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Bible Commentaries

George Haydock's Catholic Bible Commentary
2 Corinthians 12

 

 

Other Authors
Verse 1

If I must glory. St. Paul in the whole of this discourse shews the repugnance he had of speaking in his own praise, and that if he did it, it was only through constraint, and for the advantage of the Corinthians; as also to defend himself from calumniators. (Calmet)


Verse 2

I know a man, &c. He speaks of himself, as it were of a third person. --- Whether in the body, I know not. If St. Paul himself knew not, how can we pretend to decide, whether his soul was for some moments separated from his body, or in what manner he saw God. (Witham) --- It appears that this took place about the period when the Holy Ghost commanded that he should be separated for the work whereunto he was called. (Acts xiii. 2.)


Verse 4

Caught up into paradise. St. Augustine and St. Thomas Aquinas are of opinion that this third heaven and paradise are the same place, and designate the abode of the blessed. In order to understand the language of the apostle, we must observe that the Hebrews distinguished three different heavens. The first comprised the air, the clouds, &c. as far as the fixed stars. The second included all the fixed stars; and the third was the abode of Angels, in which God himself discovered his infinite glory, &c. The first is called in Scripture simply the heavens, the second the firmament, and the third heaven the heaven of heavens. (Calmet)


Verse 7

-10


Verses 7-10

Verse 11

-13

Although I am nothing. These words are a demonstration of the humility of St. Paul, when forced to speak his own praises. --- The signs and marks of my apostleship....on you, by your conversion, especially being accompanied by wonders and miracles. --- Pardon me this injury. A reproach by irony, against such as seemed to value him less, because he lived in poverty, and took nothing of them. (Witham)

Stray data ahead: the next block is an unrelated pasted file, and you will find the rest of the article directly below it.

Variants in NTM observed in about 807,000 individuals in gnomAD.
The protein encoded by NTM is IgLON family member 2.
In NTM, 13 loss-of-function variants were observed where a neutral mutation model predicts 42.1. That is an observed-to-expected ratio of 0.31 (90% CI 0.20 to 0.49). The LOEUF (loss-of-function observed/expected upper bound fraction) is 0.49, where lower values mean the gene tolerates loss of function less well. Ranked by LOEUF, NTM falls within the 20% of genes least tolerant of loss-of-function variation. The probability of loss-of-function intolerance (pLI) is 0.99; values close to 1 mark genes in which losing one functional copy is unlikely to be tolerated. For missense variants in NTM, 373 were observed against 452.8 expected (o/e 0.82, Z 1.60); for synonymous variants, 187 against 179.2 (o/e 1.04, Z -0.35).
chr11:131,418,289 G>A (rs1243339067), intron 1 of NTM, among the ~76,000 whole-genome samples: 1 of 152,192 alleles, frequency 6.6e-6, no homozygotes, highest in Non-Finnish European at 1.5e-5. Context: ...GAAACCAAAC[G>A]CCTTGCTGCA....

Verses 11-13

Although I am nothing. These words are a demonstration of the humility of St. Paul, when forced to speak his own praises. --- The signs and marks of my apostleship....on you, by your conversion, especially being accompanied by wonders and miracles. --- Pardon me this injury. A reproach by irony, against such as seemed to value him less, because he lived in poverty, and took nothing of them. (Witham)


Verse 14

Now the third time I am ready to come. So he says again in the next chapter. That is, he was once with them, he had purposed to come a second time, and now a third time. --- I seek not the things that are yours, but you. That is, says St. John Chrysostom, your souls, not your goods; your salvation, not your gold. --- For the children. A modest pretty turn in their favour, by saying that fathers and parents are commonly supposed to leave their goods and riches to their children, not children for their parents. (Witham) --- St. Paul came to Corinth for the first time in the year 52, remaining with them 18 months. (Acts chap. xviii.) He came the second time in 55, but did not remain long with them; on which account it is omitted by St. Luke in the Acts. The date of this letter is in 57, when St. Paul again came to them towards the end of the year. (Calmet) --- Other interpreters, which no less authority question this sentiment, see ver. 1. of the following chapter, and say he only went twice; the first time as mentioned in Acts xviii. 1.; the second time, as we may draw from Acts xx.2. 3. after this epistle, as it is evident from comparing 2 Corinthians i. 15.